The U.S. Court of Appeals for the District of Columbia Circuit ruled 2-1 that it doesn't have the authority to decide the case, essentially making congressional subpoenas to the White House invalid. House Democrats had wanted McGahn to testify amid its investigation into whether Trump attempted to obstruct Special Counsel Robert Mueller's Russia investigation.
"If we order McGahn to testify, what happens next? McGahn, compelled to appear, asserts executive privilege in response to the Committee’s questions," Judge Thomas Griffith, an appointee of President George W. Bush, wrote in the opinion.
"The Committee finds those assertions baseless," he continued. "In that case, the Committee assures us, it would come right back to court to make McGahn talk. The walk from the Capitol to our courthouse is a short one, and if we resolve this case today, we can expect Congress’s lawyers to make the trip often."
The subpoena for McGahn to appear before lawmakers prompted a clash between the executive and legislative branches, with Trump claiming that he can block witnesses from talking to Congress. The Justice Department argued that presidential advisers had "absolute immunity" from speaking to Congress.
The DOJ said it was pleased with the ruling, saying the court recognized "that the House of Representatives cannot invoke the power of the courts in its political disputes with the Executive Branch.
"Suits like this one are without precedent in our Nation’s history and are inconsistent with the Constitution’s design. The D.C. Circuit’s cogent opinion affirms this fundamental principle," the statement continued.
The House Judiciary Committee subpoenaed McGahn on April 22, but the White House blocked his appearance. The obstruction probe coincided with an impeachment inquiry into Trump's dealings with Ukraine.
He was impeached in the House and acquitted earlier this month in the Senate. The House said it still wants to question McGahn about potential obstruction on Trump's part during the investigation into Russian meddling in the 2016 presidential election.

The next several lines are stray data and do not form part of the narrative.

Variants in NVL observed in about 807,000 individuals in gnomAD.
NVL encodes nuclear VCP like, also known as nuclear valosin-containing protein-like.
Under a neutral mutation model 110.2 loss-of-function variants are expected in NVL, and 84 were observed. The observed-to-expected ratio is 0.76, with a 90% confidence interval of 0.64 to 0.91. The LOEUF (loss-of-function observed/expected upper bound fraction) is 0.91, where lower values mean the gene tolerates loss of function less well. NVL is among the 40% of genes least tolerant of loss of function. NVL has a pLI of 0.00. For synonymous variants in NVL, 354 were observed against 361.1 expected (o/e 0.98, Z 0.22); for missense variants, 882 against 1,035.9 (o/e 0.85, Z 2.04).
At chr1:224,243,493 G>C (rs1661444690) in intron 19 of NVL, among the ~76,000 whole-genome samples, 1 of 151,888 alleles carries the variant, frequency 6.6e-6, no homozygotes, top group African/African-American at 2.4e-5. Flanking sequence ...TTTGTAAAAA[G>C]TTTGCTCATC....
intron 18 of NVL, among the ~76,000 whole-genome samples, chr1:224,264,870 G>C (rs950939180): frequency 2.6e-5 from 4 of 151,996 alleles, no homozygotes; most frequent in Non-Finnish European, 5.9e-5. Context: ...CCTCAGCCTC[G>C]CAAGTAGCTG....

In Mueller's report, McGahn's name appears more than 150 times in reference to Trump's alleged attempts to hinder the investigation, Politico reported.
In the court's lone dissenting vote, Judge Judith Rogers said the court's refusal to enforce the subpoena stripped the House of impeachment powers since the request for his testimony came during the impeachment inquiry, the politics website reported.
“In the context of impeachment, when the accuracy and thoroughness of the investigation may well determine whether the President remains in office, the House’s need for information is at its zenith,” wrote Rogers, a Bill Clinton appointee.
In a lawsuit filed the House Judiciary Committee over the summer, McGahn was called "most important witness, other than the President, to the key events that are the focus of the Judiciary Committee’s investigation" into Russian interference.
McGahn was a star witness in Special Counsel Robert Mueller's report who — under Trump's orders — refused to release documents or testify before the panel. The Democratic lawsuit challenged the White House rationale that McGahn and other witnesses can defy subpoenas.
The Trump administration has argued that, under executive immunity, Congress may not constitutionally compel senior presidential advisers to testify about their official duties.
Fox News Gregg Re contributed to this report.